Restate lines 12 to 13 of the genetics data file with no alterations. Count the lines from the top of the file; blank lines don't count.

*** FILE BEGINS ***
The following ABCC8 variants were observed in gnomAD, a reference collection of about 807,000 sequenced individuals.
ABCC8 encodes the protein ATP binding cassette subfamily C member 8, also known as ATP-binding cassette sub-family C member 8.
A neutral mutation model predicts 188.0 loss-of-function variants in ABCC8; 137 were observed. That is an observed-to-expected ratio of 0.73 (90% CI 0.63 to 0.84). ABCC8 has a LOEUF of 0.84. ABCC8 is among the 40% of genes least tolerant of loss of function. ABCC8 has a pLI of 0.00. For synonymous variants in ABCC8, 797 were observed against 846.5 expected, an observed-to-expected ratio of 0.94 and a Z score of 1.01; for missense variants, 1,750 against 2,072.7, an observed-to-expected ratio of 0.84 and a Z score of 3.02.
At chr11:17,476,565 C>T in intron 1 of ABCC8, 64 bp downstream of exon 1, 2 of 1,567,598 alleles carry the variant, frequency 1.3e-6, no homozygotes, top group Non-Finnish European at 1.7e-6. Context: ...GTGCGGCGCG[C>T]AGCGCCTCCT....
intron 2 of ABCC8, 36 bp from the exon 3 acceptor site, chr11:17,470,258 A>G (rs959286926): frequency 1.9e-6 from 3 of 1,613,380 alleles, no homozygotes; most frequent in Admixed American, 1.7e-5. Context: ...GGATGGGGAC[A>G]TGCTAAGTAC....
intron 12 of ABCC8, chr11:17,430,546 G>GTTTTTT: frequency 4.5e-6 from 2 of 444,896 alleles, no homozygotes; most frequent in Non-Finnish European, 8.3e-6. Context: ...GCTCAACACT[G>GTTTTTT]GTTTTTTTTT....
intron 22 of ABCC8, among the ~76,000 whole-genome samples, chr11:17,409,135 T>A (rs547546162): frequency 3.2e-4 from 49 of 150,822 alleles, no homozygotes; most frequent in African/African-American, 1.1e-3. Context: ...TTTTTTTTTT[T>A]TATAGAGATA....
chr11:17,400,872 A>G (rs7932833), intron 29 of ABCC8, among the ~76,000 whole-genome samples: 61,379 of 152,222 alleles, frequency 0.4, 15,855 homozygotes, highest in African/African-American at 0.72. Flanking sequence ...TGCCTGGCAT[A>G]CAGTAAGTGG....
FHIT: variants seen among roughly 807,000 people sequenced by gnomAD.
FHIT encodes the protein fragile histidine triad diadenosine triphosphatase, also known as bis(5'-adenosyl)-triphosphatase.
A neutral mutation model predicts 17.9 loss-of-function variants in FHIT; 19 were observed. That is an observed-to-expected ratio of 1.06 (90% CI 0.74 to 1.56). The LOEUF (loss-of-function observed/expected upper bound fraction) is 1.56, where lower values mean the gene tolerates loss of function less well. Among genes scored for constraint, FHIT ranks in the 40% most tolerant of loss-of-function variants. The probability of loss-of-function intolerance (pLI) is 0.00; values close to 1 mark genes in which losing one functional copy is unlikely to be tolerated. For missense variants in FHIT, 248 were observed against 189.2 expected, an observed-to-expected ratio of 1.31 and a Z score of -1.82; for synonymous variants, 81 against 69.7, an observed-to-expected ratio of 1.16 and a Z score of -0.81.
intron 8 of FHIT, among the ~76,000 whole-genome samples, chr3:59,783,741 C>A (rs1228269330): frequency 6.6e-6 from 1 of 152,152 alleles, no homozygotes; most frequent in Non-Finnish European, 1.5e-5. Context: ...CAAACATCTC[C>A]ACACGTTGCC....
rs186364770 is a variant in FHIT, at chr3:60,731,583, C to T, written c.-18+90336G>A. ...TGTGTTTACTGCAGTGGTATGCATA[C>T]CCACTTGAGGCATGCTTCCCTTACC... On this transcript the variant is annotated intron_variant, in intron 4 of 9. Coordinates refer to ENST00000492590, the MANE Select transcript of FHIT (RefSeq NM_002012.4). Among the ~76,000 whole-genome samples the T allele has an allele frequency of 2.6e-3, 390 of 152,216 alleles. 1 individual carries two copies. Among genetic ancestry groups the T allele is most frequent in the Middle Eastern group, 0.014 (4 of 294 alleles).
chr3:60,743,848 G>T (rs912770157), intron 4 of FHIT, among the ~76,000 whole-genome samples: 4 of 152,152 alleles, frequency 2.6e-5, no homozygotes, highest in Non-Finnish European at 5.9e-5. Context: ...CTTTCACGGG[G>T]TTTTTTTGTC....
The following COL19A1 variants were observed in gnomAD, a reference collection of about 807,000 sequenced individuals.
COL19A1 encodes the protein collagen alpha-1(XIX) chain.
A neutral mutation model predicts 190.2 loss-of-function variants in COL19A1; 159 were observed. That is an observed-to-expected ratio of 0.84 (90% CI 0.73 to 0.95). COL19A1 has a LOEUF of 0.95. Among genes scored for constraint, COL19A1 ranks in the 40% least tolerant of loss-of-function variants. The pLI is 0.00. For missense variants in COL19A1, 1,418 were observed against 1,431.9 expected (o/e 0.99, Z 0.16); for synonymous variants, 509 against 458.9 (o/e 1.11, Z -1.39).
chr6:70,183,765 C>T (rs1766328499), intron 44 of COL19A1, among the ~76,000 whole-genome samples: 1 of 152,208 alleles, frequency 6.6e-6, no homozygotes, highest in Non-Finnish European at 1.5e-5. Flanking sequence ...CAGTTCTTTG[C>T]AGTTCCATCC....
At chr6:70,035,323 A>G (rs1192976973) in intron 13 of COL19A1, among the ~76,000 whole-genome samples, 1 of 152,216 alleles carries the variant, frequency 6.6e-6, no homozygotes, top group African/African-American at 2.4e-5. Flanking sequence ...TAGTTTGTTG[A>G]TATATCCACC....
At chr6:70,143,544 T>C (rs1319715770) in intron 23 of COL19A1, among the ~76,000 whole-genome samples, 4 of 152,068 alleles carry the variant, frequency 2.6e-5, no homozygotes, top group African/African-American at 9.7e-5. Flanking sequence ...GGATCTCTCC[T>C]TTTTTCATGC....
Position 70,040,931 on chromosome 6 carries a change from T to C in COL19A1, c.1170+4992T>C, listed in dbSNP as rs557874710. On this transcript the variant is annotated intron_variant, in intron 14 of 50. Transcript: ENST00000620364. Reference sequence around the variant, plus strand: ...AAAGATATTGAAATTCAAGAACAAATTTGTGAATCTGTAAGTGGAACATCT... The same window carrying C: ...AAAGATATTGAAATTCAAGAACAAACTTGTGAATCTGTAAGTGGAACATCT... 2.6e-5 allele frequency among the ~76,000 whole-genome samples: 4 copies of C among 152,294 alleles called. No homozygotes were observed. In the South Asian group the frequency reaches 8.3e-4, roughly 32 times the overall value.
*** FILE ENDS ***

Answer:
intron 8 of FHIT, among the ~76,000 whole-genome samples, chr3:59,783,741 C>A (rs1228269330): frequency 6.6e-6 from 1 of 152,152 alleles, no homozygotes; most frequent in Non-Finnish European, 1.5e-5. Context: ...CAAACATCTC[C>A]ACACGTTGCC....
rs186364770 is a variant in FHIT, at chr3:60,731,583, C to T, written c.-18+90336G>A. ...TGTGTTTACTGCAGTGGTATGCATA[C>T]CCACTTGAGGCATGCTTCCCTTACC... On this transcript the variant is annotated intron_variant, in intron 4 of 9. Coordinates refer to ENST00000492590, the MANE Select transcript of FHIT (RefSeq NM_002012.4). Among the ~76,000 whole-genome samples the T allele has an allele frequency of 2.6e-3, 390 of 152,216 alleles. 1 individual carries two copies. Among genetic ancestry groups the T allele is most frequent in the Middle Eastern group, 0.014 (4 of 294 alleles).